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Is There a Limit to the Size of a Good Classroom?

by Becca Cavell

Changes in funding for higher education have left many institutions scrambling to find more cost effective ways to graduate increasing numbers of enrolled students. Many innovative concepts are at play, ranging from reducing the “average” student tenure from four to three years to providing more class materials on line and thus reducing contact hours of teaching. One of the most controversial trends is the rising interest in “mega classrooms” – auditoriums that hold sometimes more than 1,000 students.

Can such huge classrooms succeed?

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165

Feel Better, Work Smarter

by Brienne Wasmer

I recently heard an architect speak of design work as “a labor of love” which got me wondering if that wasn’t just a nice way to label “work-aholism.” It is no secret that the profession puts in long hours and cares deeply about the quality of work, which can be, at times, at the expense of our own well-being. Over the past few decades, research has piled up supporting the importance of ergonomics in the workplace.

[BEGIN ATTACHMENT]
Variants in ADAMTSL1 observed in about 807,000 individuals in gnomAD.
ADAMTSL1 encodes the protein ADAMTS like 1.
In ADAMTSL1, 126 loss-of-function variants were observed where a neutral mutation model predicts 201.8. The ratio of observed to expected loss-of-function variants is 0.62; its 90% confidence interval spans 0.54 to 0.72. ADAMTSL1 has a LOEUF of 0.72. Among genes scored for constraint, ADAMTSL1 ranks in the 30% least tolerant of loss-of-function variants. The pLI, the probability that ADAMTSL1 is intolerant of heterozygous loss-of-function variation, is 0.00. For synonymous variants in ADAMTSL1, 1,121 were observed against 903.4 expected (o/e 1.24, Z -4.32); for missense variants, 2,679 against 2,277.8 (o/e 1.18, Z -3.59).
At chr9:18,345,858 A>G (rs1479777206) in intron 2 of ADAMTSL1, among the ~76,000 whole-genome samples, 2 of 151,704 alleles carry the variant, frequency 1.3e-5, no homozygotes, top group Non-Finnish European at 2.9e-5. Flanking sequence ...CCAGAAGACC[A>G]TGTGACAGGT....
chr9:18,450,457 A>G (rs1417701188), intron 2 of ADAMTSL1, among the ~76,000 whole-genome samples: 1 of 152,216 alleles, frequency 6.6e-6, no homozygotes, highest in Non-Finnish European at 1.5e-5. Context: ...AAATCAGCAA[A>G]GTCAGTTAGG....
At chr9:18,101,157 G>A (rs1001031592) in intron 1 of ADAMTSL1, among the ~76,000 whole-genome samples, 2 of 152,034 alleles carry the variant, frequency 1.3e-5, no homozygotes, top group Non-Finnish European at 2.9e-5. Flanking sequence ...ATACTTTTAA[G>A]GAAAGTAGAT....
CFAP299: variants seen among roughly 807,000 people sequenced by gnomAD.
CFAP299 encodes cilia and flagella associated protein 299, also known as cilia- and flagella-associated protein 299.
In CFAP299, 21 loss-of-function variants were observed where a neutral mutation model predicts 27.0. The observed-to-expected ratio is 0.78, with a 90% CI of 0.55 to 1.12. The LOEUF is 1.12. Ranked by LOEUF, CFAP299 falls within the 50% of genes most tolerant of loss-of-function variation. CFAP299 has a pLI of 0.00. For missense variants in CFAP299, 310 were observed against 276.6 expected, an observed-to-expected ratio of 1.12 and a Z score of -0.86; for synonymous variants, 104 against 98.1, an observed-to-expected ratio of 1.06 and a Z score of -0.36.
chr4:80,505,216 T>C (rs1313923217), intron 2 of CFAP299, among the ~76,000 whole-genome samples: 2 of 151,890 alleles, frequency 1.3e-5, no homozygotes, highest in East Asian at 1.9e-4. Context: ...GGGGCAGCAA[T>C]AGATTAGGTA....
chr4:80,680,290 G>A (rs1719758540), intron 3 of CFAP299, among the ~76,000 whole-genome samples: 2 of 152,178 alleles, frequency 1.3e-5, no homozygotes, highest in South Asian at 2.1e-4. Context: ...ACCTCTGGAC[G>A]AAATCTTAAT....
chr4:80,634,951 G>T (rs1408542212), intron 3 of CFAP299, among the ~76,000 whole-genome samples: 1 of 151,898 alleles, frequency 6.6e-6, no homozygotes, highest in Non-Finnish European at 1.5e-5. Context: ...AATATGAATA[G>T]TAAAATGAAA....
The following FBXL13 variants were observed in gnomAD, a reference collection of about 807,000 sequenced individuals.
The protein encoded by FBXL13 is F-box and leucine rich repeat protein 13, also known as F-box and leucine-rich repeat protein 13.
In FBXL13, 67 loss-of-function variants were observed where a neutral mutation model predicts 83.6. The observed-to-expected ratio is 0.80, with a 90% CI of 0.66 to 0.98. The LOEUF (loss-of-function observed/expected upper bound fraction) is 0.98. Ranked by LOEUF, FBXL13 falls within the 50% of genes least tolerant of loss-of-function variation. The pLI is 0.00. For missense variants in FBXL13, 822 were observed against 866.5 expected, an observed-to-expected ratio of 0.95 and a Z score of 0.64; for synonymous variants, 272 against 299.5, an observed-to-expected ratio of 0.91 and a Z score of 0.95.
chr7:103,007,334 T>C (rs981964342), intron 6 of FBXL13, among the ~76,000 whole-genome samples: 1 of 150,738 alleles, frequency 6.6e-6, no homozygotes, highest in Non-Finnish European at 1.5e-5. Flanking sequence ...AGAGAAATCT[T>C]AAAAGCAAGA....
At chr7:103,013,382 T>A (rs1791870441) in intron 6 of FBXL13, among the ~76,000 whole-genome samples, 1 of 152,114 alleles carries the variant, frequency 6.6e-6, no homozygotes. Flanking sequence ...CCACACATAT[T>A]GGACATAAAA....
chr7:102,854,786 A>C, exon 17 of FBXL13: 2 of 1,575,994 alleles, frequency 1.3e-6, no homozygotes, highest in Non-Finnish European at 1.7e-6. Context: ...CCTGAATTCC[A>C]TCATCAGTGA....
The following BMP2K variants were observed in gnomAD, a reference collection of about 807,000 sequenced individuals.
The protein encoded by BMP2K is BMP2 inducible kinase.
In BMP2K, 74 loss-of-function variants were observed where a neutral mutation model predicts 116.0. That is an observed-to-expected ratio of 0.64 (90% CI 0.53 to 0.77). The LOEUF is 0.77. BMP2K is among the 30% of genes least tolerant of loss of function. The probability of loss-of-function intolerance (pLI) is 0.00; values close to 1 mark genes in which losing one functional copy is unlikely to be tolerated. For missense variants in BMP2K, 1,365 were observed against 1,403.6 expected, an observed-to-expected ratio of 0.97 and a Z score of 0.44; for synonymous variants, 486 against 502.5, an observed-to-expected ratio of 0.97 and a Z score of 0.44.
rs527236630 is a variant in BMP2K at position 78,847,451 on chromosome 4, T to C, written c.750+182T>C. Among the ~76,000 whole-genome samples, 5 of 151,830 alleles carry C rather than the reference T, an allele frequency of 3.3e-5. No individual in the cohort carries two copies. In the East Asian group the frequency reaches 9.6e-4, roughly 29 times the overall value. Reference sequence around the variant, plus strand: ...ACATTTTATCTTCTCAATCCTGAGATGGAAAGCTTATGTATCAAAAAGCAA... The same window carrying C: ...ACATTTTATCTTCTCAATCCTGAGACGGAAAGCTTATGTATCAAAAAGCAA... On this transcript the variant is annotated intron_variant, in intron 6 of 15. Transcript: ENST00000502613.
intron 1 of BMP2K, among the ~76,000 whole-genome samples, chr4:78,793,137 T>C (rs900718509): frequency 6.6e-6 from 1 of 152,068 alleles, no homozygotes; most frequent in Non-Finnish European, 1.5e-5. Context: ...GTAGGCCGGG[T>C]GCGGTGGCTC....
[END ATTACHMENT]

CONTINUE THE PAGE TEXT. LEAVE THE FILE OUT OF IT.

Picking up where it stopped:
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65

A Tale of Two Classrooms

by Becca Cavell

I recently taught a seminar on Learning Spaces at the University of Oregon’s Portland Program. One of the student assignments required teams to visit local colleges and universities to observe classrooms “in action,” in terms of both functional performance and teaching approach. A great stroke of luck led two teams of students to observe the same class delivered in two very different environments.

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69

Walking the Talk

by Annie Mahoney

In design, THA believes that architecture is best when it is an honest expression of the people and institutions it serves.

In the same way, THA supports a sustainable approach with its building projects and believes that the firm itself must also demonstrate these beliefs in daily office life and practices. This is not always easy.

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75

Mobile Learning Units

by Becca Cavell

Remember tablet arm chairs? The old stalwarts of “pack ‘em in” classroom design? The chairs have been unpopular with designers for years for a variety of reasons. They don’t stack, are hard to move around, and the tablets themselves are often too small for the needs of today’s students.  But perhaps the most insidious problem with the chairs is a fundamental challenge to any classroom design: the backpack issue. Bags usually end up either on the floor or hanging on the back of the chairs, often rendering them unstable.

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